Tarzan of the Apes

By Edgar Rice Burroughs

Page 113

cruel than the beasts of the
jungle! How fortunate was he who lived in the peace and security of
the great forest!

Tarzan wondered what the chest they had buried contained. If they did
not want it why did they not merely throw it into the water? That
would have been much easier.

Ah, he thought, but they do want it. They have hidden it here because
they intend returning for it later.

Tarzan dropped to the ground and commenced to examine the earth about
the excavation. He was looking to see if these creatures had dropped
anything which he might like to own. Soon he discovered a spade hidden
by the underbrush which they had laid upon the grave.

He seized it and attempted to use it as he had seen the sailors do. It
was awkward work and hurt his bare feet, but he persevered until he had
partially uncovered the body. This he dragged from the grave and laid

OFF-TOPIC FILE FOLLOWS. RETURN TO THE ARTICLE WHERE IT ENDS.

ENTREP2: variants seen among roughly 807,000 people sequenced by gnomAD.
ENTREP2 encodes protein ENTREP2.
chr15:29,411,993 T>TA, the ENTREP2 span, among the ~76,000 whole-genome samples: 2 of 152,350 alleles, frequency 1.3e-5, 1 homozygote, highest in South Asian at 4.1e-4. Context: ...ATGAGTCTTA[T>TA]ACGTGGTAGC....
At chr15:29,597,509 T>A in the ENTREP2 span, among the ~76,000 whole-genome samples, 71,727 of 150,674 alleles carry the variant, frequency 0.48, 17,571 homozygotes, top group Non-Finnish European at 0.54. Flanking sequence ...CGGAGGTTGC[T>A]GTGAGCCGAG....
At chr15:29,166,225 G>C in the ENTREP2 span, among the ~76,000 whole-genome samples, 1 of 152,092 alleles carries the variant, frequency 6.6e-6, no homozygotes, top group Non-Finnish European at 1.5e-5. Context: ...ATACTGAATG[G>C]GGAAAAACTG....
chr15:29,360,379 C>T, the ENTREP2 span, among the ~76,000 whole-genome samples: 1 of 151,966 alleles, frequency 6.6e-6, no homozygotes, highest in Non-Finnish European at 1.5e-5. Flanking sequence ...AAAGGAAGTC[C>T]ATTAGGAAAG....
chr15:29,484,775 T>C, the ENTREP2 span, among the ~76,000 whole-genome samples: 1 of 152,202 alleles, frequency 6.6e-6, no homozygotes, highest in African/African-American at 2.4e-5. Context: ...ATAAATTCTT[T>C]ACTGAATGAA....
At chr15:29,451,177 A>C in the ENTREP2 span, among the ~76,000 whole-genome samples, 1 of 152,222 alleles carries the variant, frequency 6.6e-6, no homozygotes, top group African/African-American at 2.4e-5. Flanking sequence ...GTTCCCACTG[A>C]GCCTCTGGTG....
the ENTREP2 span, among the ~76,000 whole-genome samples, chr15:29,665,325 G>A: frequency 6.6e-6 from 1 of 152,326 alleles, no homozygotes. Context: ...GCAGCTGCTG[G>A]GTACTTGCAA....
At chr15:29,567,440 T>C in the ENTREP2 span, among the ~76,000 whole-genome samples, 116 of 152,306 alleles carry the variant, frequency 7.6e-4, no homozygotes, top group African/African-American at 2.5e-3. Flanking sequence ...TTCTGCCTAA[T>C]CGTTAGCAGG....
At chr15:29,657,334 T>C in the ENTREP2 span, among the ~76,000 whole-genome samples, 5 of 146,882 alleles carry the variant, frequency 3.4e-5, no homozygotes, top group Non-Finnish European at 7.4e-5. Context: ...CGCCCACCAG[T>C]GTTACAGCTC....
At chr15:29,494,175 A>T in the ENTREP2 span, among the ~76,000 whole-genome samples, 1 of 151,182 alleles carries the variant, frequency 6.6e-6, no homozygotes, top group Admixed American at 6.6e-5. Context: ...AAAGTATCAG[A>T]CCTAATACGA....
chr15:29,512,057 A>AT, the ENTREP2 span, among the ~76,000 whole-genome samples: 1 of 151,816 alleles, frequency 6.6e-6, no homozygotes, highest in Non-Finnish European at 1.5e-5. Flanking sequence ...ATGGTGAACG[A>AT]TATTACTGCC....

to one side.

Then he continued digging until he had unearthed the chest. This also
he dragged to the side of the corpse. Then he filled in the smaller
hole below the grave, replaced the body and the earth around and above
it, covered it over with underbrush, and returned to the chest.

Four sailors had sweated beneath the burden of its weight--Tarzan of
the Apes picked it up as though it had been an empty packing case, and
with the spade slung to his back by a piece of rope, carried it off
into the densest part of the jungle.

He could not well negotiate the trees with his awkward burden, but he
kept to the trails, and so made fairly good time.

For several hours he traveled a little north of east until he came to
an impenetrable wall of matted and tangled vegetation. Then he took to
the lower branches, and in another fifteen minutes he emerged into the
amphitheater of the apes, where they met in council, or to celebrate
the rites of the Dum-Dum.

Near the center of the clearing, and not far from the drum, or altar,
he commenced to dig. This was harder work than turning up the freshly
excavated earth at the grave, but Tarzan of the Apes was persevering
and so he kept at his labor until he was rewarded by seeing a hole
sufficiently deep to receive the chest and effectually hide it from
view.

Why had he gone to all this labor without knowing the value of the
contents of the chest?

Tarzan of

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